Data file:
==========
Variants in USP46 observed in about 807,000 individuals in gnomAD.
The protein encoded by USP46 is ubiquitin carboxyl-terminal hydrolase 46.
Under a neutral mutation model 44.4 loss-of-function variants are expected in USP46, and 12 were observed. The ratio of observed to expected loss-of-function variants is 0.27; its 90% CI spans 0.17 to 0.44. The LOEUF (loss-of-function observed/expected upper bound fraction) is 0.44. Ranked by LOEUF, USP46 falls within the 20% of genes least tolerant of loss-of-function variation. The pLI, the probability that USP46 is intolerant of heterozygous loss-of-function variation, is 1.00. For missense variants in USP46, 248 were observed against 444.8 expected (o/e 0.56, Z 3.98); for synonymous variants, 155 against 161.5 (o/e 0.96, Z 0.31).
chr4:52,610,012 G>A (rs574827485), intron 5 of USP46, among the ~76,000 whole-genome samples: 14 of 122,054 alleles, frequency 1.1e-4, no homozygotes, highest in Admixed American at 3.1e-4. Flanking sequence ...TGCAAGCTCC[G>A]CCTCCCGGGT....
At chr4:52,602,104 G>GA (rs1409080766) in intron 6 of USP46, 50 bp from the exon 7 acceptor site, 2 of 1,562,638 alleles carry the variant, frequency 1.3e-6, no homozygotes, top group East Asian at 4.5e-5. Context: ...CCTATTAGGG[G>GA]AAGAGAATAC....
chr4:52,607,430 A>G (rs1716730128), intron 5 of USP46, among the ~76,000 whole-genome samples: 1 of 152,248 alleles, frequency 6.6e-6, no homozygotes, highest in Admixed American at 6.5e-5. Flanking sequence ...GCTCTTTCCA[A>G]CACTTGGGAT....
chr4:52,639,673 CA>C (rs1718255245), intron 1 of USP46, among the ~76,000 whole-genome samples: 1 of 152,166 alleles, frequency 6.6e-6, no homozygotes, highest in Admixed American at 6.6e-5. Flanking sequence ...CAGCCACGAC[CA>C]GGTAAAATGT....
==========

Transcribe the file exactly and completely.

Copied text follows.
Variants in USP46 observed in about 807,000 individuals in gnomAD.
The protein encoded by USP46 is ubiquitin carboxyl-terminal hydrolase 46.
Under a neutral mutation model 44.4 loss-of-function variants are expected in USP46, and 12 were observed. The ratio of observed to expected loss-of-function variants is 0.27; its 90% CI spans 0.17 to 0.44. The LOEUF (loss-of-function observed/expected upper bound fraction) is 0.44. Ranked by LOEUF, USP46 falls within the 20% of genes least tolerant of loss-of-function variation. The pLI, the probability that USP46 is intolerant of heterozygous loss-of-function variation, is 1.00. For missense variants in USP46, 248 were observed against 444.8 expected (o/e 0.56, Z 3.98); for synonymous variants, 155 against 161.5 (o/e 0.96, Z 0.31).
chr4:52,610,012 G>A (rs574827485), intron 5 of USP46, among the ~76,000 whole-genome samples: 14 of 122,054 alleles, frequency 1.1e-4, no homozygotes, highest in Admixed American at 3.1e-4. Flanking sequence ...TGCAAGCTCC[G>A]CCTCCCGGGT....
At chr4:52,602,104 G>GA (rs1409080766) in intron 6 of USP46, 50 bp from the exon 7 acceptor site, 2 of 1,562,638 alleles carry the variant, frequency 1.3e-6, no homozygotes, top group East Asian at 4.5e-5. Context: ...CCTATTAGGG[G>GA]AAGAGAATAC....
chr4:52,607,430 A>G (rs1716730128), intron 5 of USP46, among the ~76,000 whole-genome samples: 1 of 152,248 alleles, frequency 6.6e-6, no homozygotes, highest in Admixed American at 6.5e-5. Flanking sequence ...GCTCTTTCCA[A>G]CACTTGGGAT....
chr4:52,639,673 CA>C (rs1718255245), intron 1 of USP46, among the ~76,000 whole-genome samples: 1 of 152,166 alleles, frequency 6.6e-6, no homozygotes, highest in Admixed American at 6.6e-5. Flanking sequence ...CAGCCACGAC[CA>C]GGTAAAATGT....